Opinion

Globalisation needs rebuilding, not just repair

An attempt merely to restore the pre-Trump status quo would fail to address major challenges; the task ahead is one of rebuilding, rather than repair. It should start with a clear identification of the problems that the international system must tackle.

By: Date: October 29, 2020 Topic: Global economy and trade

This opinion post was originally published in Project Syndicate.

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A second term for US President Donald Trump would complete the demolition of the post-war international economic system. Trump’s aggressive unilateralism, chaotic trade initiatives, loathing of multilateral cooperation and disregard for the very idea of a global commons would overpower the resilience of the web of rules and institutions that underpin globalisation. But would a victory for Joe Biden lead to a repair of the global system – and, if so, of what kind? This is a much harder question to answer.

There will be no lack of eagerness to wipe out Trump’s legacy, either in the United States or internationally. But an attempt merely to restore the pre-Trump status quo would fail to address major challenges, some of which contributed to Trump’s election in 2016. As Adam Posen of the Peterson Institute has pointed out, the task ahead is one of rebuilding, rather than repair. It should start with a clear identification of the problems that the international system must tackle.

The first priority should be to move toward a commons-oriented system. The preservation of global public goods such as a stable climate or biodiversity was understandably ignored by the architects of the post-war international economic order, and (less understandably) was still a secondary priority in the system’s post-Cold War partial renewal. Policymakers focused on visible linkages through trade and capital flows, rather than on the invisible ties that bind us to a common destiny, which helps to explain why the rules and institutions governing the latter are still much weaker.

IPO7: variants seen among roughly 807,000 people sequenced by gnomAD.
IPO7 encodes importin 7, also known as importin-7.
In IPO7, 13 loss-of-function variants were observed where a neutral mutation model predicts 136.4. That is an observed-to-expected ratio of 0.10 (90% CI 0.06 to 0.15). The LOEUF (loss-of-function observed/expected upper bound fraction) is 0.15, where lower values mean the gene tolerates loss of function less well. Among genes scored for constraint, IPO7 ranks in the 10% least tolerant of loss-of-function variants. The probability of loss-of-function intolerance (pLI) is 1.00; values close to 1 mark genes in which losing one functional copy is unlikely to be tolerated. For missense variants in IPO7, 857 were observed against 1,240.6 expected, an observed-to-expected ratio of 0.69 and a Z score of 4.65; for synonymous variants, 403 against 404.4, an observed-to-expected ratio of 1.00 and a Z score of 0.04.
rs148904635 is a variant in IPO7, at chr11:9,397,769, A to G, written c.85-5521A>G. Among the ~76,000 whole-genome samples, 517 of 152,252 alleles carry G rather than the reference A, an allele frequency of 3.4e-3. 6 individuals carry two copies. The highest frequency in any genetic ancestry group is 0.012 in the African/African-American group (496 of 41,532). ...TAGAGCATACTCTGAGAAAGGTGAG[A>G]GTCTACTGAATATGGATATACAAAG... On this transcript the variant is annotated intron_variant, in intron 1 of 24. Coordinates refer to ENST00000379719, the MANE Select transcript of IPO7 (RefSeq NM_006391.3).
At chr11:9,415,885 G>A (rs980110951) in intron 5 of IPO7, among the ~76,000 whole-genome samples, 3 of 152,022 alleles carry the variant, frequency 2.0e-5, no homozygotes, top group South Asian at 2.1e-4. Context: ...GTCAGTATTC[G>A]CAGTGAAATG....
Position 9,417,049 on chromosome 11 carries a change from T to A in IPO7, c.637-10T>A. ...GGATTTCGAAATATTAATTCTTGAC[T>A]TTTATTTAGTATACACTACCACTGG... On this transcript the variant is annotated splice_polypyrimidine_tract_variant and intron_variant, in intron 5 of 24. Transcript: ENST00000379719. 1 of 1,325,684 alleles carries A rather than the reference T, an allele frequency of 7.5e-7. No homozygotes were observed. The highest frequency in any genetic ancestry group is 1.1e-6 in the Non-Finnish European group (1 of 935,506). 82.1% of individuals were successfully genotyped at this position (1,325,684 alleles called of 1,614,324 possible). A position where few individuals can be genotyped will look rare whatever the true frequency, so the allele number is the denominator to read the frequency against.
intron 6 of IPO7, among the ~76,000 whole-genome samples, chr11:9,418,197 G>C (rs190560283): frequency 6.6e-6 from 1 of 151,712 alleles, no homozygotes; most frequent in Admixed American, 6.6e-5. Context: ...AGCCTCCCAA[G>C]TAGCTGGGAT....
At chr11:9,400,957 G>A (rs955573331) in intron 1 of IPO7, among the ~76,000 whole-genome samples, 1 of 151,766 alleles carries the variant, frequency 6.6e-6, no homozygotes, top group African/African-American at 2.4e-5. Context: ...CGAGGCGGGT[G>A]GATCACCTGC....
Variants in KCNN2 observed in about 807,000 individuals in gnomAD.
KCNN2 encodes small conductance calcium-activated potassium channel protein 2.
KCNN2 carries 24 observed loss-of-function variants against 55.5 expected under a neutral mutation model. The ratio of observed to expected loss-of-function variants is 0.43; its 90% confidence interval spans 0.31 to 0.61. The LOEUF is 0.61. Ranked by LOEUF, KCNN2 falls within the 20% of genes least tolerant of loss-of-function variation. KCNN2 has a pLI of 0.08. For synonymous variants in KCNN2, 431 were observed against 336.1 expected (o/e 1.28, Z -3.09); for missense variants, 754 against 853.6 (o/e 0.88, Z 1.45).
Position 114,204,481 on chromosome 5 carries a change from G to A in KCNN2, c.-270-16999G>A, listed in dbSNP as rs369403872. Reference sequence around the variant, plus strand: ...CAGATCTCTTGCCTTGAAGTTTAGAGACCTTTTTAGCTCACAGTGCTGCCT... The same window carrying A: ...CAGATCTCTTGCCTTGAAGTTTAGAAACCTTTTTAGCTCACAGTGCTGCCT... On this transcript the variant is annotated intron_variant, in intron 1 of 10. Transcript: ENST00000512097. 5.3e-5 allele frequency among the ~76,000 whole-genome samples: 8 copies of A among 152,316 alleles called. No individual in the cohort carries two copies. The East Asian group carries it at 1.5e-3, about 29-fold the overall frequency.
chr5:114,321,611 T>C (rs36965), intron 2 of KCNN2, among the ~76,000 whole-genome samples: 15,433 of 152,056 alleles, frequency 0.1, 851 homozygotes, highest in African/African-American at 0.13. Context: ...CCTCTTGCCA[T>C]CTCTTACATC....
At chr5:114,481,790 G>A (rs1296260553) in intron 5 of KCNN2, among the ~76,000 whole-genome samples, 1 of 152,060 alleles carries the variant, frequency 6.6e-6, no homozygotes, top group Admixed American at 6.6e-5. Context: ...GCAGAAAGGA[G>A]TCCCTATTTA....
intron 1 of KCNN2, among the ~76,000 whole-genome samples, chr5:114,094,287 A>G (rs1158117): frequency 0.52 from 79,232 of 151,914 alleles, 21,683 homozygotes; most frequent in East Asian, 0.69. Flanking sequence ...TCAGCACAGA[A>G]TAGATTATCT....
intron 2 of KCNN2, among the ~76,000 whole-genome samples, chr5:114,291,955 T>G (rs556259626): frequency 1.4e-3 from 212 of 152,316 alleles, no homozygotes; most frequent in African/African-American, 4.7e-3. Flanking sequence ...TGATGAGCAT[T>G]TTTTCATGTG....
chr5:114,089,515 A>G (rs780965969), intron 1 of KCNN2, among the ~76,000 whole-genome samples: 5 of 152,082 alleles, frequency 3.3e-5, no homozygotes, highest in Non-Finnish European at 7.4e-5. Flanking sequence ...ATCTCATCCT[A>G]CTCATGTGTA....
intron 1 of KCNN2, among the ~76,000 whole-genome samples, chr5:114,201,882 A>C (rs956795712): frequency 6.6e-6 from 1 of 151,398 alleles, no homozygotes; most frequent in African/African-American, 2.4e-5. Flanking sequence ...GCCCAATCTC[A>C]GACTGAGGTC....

Biden’s intention to re-join unconditionally the 2015 Paris climate agreement is to be welcomed, but it will not by itself turn the accord into an ambitious, enforceable program. The large number of players and the strong temptation to let others shoulder the burden make preserving the global commons notoriously hard. Even in the area of health, solutions to date do not measure up to the challenge.

Climate action is critical. Without an elusive global consensus, efforts will have to rely on a coalition whose members converge on hard targets and on border-adjustment mechanisms applicable to trade with third countries. Implementation will be fraught with difficulties. Success will require agreeing on which trade measures are acceptable and which are just covert protectionism. That is a high bar to reach. Having already indicated its intention to introduce a border adjustment, the European Union is on the front line here. This is a major responsibility.

The second priority is to make the global economic system as rivalry-proof as possible. Regardless of who wins the US presidential election on November 3, great-power competition between the US and China will continue to dominate international relations. But the Cold War analogy is misleading, because today’s protagonists are major economic partners. Whereas the Soviet Union’s share of US imports never exceeded a fraction of a percentage point, China currently accounts for 18%. Die-hard US advocates of decoupling wrongly picture further Chinese development as a national security threat and want to end this interdependence in an attempt to stop China’s growth. However, as the Peterson Institute’s Nicholas Lardy has argued, a general decoupling from China would be a “high-cost, low-benefit policy.”